Illinois Central Railroad Company, a Corporation, Appellant, v. Alan E. Kean, Administrator of the Estate of Ferdinand Karol, Deceased, and Arco Auto Carriers, Inc., Appellees.alan E. Kean, Administrator of the Estate of Ferdinand Karol, Deceased, Appellant, v. Illinois Central Railroad Company, a Corporation, 365 F.2d 785 (8th Cir. 1966)Annotate this Case
COPYRIGHT MATERIAL OMITTED Robert M. Bertsch and E. Marshall Thomas, of O'Connor, Thomas, Wright, Hammer & Bertsch, Dubuque, Iowa, for Illinois Cent. R. Co.
Alfred E. Hughes, Dubuque, Iowa, for Alan E. Kean, Admr. of Estate of Ferdinand Karol and others.
Before VAN OOSTERHOUT, BLACKMUN and GIBSON, Circuit Judges.
GIBSON, Circuit Judge.
The Illinois Central Railroad Company appeals from a judgment of $43,127.10, rendered on a jury verdict for the wrongful death of Ferdinand Karol and property damage to trailer unit of Arco Auto Carriers, Inc. We reverse and in part remand.
On the morning of May 9, 1962, Ferdinand Karol was driving a tractor and semi-trailer unit with its cargo of automobiles westward along Iowa U.S. Highway 20. Karol owned the tractor, while the trailer and the cargo were owned by his employer, Arco Auto Carriers, Inc. West of the town of Dyersville, Iowa, the tracks of the Illinois Central Railroad run generally parallel to Highway 20, in an east-west direction, and at a point about two and one-half miles west of Dyersville, Highway 20 passes under the Illinois Central tracks. Karol, however, was unable to continue his westward journey along Highway 20 because the low vertical clearance in this underpass would not permit passage of his unit. With the aid of Officer Elliot, of the Dyersville Police, who happened upon the scene, Karol turned the tractor-trailer unit around and headed back eastward along Highway 20. Officer Elliot had instructed Karol how to get across the tracks and back to the main highway without using the underpass.
At this location, Highway 20 runs parallel to and about 50 feet south of the Illinois Central tracks. Approximately a mile east of the underpass, Highway 20 turns to the south. However, a dirt road runs from Highway 20 at the point of the turn and continues on a straight course parallel to the tracks. This dirt road continues east for about 500 feet and then intersects at approximate right angles a north-south gravel road, but the northerly turn which Karol had to make was at an acute angle, somewhat less than ninety degrees. The gravel road proceeds northerly and in doing so crosses the nearby Illinois Central tracks at about 74 feet north of where the dirt road intersects the north-south gravel road.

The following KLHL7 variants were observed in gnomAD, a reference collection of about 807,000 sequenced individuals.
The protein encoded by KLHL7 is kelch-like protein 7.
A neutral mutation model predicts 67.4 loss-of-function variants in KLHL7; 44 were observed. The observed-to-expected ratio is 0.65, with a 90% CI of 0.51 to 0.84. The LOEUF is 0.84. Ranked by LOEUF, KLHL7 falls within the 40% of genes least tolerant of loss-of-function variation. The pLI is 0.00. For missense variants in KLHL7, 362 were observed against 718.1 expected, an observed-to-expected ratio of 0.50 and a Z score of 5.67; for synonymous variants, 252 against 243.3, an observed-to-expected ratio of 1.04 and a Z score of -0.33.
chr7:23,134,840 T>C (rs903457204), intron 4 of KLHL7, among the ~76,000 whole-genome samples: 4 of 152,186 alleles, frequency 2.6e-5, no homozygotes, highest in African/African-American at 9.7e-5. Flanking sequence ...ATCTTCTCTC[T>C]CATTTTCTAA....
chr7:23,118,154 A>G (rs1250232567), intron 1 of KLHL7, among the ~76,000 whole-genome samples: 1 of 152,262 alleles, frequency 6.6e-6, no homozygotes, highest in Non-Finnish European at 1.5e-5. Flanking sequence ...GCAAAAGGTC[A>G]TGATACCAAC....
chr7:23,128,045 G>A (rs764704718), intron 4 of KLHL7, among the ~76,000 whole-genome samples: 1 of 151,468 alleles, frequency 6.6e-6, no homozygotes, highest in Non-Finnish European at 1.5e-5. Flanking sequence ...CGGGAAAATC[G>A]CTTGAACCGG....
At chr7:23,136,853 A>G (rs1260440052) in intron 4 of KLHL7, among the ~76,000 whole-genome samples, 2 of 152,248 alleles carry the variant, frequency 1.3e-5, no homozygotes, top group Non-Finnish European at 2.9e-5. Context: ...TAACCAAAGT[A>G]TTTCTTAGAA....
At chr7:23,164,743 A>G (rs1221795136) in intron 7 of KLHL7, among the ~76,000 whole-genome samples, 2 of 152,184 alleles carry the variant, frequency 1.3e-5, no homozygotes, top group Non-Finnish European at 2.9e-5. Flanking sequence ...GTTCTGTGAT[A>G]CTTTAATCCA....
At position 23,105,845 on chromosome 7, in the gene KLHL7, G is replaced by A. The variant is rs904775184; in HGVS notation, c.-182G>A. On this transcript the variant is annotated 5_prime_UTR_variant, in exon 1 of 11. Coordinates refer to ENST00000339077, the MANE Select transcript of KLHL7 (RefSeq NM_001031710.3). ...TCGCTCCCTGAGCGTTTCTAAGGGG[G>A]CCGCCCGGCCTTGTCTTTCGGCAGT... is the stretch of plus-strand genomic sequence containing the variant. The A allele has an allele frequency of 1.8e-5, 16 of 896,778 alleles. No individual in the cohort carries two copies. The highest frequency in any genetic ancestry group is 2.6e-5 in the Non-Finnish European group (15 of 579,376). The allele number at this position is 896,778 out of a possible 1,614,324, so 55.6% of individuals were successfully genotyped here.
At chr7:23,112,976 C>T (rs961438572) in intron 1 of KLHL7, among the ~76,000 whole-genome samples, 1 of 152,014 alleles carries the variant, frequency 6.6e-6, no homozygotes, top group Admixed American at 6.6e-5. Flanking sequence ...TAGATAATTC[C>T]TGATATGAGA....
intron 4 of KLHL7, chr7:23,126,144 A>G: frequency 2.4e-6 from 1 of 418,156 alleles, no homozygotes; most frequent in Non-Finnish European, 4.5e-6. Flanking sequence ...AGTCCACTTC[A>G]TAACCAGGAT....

After turning around at the underpass, Karol traveled east on Highway 20 and, rather than turning south with the highway, he continued straight and entered upon the dirt road. When the dirt road ran into the north-south gravel road, Karol turned left (north) and paused for about eight to ten seconds a few feet south of the tracks. As he proceeded to cross the tracks the cab of his truck was struck by an eastbound Illinois Central passenger train. Karol died the following morning of injuries sustained in the accident.
Suit was filed by the Administrator of the Estate of Ferdinand Karol for wrongful death, medical expenses, pain and suffering, property damage; and by Arco Auto Carriers, Inc. for damage to the trailer portion of the truck and the cargo of automobiles. The defendant, Illinois Central Railroad, in turn counterclaimed against Arco Auto Carriers for damage to the train due to the alleged negligence of Ferdinand Karol, the driver and agent of Arco Auto Carriers. The Illinois Central, on the basis of diversity, removed the case from the Iowa state court to the United States District Court for the Northern District of Iowa. The jury returned a verdict for plaintiffs in the amount of $43,127.10. Defendant, Illinois Central, appeals. Plaintiffs cross-appeal, seeking interest from the time of the accident.